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  16. Casey B. Mulligan, 1999. "Galton versus the Human Capital Approach to Inheritance," Journal of Political Economy, University of Chicago Press, vol. 107(S6), pages S184-S224, December.
  17. Aakvik, Arild & Salvanes, Kjell G & Vaage, Kjell, 2003. "Measuring Heterogeneity in the Returns to Education in Norway Using Educational Reforms," CEPR Discussion Papers 4088, C.E.P.R. Discussion Papers.
  18. Solon, Gary, 1999. "Intergenerational mobility in the labor market," Handbook of Labor Economics, in: O. Ashenfelter & D. Card (ed.), Handbook of Labor Economics, edition 1, volume 3, chapter 29, pages 1761-1800 Elsevier.
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Citations

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Cited by:
  1. Constant, Amelie F. & Zimmermann, Klaus F., 2003. "Occupational Choice Across Generations," IZA Discussion Papers 975, Institute for the Study of Labor (IZA).
  2. Sandra E. Black & Paul J. Devereux & Kjell G. Salvanes, 2005. "Why the Apple Doesn't Fall Far: Understanding Intergenerational Transmission of Human Capital," American Economic Review, American Economic Association, vol. 95(1), pages 437-449, March.
  3. A Chevalier & C Harmon & V O'Sullivan & I Walker, 2010. "The Impact of Parental Income and Education on the Schooling of their Children," Working Papers 610852, Lancaster University Management School, Economics Department.
  4. Sandra E. Black & Paul J. Devereaux & Kjell Salvanes, 2004. "Fast Times at Ridgemont High? The Effect of Compulsory Schooling Laws on Teenage Births," NBER Working Papers 10911, National Bureau of Economic Research, Inc.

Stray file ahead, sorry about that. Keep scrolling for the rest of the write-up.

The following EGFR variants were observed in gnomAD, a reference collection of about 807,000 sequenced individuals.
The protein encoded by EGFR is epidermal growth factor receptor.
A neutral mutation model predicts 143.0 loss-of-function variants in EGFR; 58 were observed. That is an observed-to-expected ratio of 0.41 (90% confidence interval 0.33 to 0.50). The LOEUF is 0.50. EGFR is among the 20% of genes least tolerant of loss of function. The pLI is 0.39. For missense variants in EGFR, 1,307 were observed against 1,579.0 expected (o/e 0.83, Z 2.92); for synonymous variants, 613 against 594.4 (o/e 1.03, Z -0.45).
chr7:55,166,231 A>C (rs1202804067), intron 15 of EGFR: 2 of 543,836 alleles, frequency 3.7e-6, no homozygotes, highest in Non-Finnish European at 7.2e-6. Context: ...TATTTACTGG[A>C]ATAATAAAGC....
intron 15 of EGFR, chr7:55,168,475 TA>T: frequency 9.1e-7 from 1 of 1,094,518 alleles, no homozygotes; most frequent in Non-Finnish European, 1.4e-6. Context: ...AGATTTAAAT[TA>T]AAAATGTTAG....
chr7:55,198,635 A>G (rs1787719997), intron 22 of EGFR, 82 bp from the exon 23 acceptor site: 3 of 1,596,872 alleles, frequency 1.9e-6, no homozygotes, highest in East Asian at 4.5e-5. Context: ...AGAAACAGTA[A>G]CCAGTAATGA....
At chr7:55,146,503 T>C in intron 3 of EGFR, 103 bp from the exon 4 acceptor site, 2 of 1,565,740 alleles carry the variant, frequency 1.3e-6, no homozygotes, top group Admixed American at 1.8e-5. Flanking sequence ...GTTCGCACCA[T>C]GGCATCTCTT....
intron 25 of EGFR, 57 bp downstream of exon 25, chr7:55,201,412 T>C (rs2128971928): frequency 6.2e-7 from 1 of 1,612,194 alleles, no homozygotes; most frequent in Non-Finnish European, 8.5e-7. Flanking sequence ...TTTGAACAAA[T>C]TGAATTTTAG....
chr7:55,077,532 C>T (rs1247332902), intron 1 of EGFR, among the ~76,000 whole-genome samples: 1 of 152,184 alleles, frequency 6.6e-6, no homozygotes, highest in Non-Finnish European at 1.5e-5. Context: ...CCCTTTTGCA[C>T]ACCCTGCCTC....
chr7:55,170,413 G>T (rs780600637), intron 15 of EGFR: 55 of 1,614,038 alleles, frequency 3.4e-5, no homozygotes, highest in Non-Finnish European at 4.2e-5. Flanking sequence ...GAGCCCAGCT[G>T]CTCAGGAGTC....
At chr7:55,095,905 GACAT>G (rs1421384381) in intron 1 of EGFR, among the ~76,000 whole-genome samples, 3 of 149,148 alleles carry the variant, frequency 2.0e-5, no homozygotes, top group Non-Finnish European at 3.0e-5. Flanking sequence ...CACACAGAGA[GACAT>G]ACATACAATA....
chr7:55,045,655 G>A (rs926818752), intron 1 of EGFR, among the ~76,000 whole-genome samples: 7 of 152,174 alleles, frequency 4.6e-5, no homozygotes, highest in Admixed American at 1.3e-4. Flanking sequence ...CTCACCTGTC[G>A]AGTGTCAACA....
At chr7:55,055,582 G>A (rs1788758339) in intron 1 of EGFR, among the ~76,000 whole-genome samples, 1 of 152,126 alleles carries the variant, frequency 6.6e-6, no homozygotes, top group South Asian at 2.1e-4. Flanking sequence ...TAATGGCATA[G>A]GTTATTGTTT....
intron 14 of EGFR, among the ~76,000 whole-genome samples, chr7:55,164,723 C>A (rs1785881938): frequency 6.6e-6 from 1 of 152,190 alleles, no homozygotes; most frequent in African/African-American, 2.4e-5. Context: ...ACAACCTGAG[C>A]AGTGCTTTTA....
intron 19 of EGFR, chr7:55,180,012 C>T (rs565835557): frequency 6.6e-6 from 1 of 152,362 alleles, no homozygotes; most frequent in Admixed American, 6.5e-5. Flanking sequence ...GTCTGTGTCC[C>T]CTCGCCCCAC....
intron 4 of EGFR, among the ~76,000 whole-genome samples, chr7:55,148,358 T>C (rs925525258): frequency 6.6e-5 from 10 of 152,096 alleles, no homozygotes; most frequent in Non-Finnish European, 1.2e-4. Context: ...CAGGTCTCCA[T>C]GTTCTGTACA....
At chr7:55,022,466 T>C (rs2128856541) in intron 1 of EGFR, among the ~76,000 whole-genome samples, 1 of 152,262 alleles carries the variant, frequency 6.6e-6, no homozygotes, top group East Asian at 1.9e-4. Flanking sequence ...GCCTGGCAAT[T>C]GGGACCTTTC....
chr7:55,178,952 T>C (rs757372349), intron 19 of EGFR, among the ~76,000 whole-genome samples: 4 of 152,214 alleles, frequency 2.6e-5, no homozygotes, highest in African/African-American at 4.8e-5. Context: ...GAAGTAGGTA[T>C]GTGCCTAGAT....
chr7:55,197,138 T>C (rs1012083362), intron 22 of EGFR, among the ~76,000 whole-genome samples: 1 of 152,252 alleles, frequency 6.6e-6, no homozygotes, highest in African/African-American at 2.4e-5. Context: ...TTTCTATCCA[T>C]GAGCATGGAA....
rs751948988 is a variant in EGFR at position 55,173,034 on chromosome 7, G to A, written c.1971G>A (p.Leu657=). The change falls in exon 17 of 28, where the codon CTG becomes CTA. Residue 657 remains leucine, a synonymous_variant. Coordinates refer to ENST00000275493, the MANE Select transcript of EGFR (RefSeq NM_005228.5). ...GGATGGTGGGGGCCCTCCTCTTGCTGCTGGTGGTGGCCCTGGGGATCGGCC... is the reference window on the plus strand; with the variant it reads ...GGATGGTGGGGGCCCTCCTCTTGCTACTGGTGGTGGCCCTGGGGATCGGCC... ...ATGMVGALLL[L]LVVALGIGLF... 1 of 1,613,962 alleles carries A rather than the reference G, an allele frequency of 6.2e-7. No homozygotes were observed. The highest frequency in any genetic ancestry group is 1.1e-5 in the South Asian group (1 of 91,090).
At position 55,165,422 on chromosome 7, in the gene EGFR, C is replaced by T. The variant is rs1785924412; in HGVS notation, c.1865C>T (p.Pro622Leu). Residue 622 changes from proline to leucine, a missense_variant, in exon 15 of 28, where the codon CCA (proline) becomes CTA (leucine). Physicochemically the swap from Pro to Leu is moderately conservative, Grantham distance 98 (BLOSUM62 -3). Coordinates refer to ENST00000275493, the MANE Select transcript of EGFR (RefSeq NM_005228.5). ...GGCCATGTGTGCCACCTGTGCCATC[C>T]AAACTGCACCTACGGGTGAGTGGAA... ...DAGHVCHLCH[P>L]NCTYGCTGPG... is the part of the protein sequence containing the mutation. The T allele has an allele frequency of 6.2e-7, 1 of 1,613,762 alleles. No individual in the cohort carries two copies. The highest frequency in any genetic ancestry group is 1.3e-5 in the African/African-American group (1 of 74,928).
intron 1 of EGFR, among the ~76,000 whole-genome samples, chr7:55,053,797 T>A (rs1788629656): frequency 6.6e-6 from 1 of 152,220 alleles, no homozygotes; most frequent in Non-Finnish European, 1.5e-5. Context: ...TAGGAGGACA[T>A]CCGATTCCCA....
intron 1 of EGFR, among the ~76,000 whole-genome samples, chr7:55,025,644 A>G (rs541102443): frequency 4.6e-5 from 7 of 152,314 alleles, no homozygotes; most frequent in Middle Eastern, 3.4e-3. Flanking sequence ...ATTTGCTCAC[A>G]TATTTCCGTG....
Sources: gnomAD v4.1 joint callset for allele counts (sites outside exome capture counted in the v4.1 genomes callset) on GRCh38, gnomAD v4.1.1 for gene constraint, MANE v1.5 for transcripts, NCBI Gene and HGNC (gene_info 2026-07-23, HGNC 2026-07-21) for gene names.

5. Ebonya Washington, 2006. "Female Socialization: How Daughters Affect Their Legislator Fathers' Voting on Women's Issues," NBER Working Papers 11924, National Bureau of Economic Research, Inc.
  6. Björklund, Anders & Lindahl, Mikael & Plug, Erik, 2004. "Intergenerational Effects in Sweden: What Can We Learn from Adoption Data?," IZA Discussion Papers 1194, Institute for the Study of Labor (IZA).
  7. Eric A. Hanushek, 2004. "Some Simple Analytics of School Quality," NBER Working Papers 10229, National Bureau of Economic Research, Inc.
  8. de Walque, Damien, 2005. "Parental education and children's schooling outcomes : is the effect nature, nurture, or both? evidence from recomposed families in Rwanda," Policy Research Working Paper Series 3483, The World Bank.
  9. Haegeland, Torbjørn & Raaum, Oddbjørn & Salvanes, Kjell G., 2005. "Pupil Achievement, School Resources and Family Background," IZA Discussion Papers 1459, Institute for the Study of Labor (IZA).
  10. Bruce Sacerdote, 2004. "What Happens When We Randomly Assign Children to Families?," NBER Working Papers 10894, National Bureau of Economic Research, Inc.
  11. Torbjørn Hægeland & Oddbjørn Raaum & Kjell G. Salvanes, 2004. "Pupil achievement, school resources and family backgr," Discussion Papers 397, Research Department of Statistics Norway.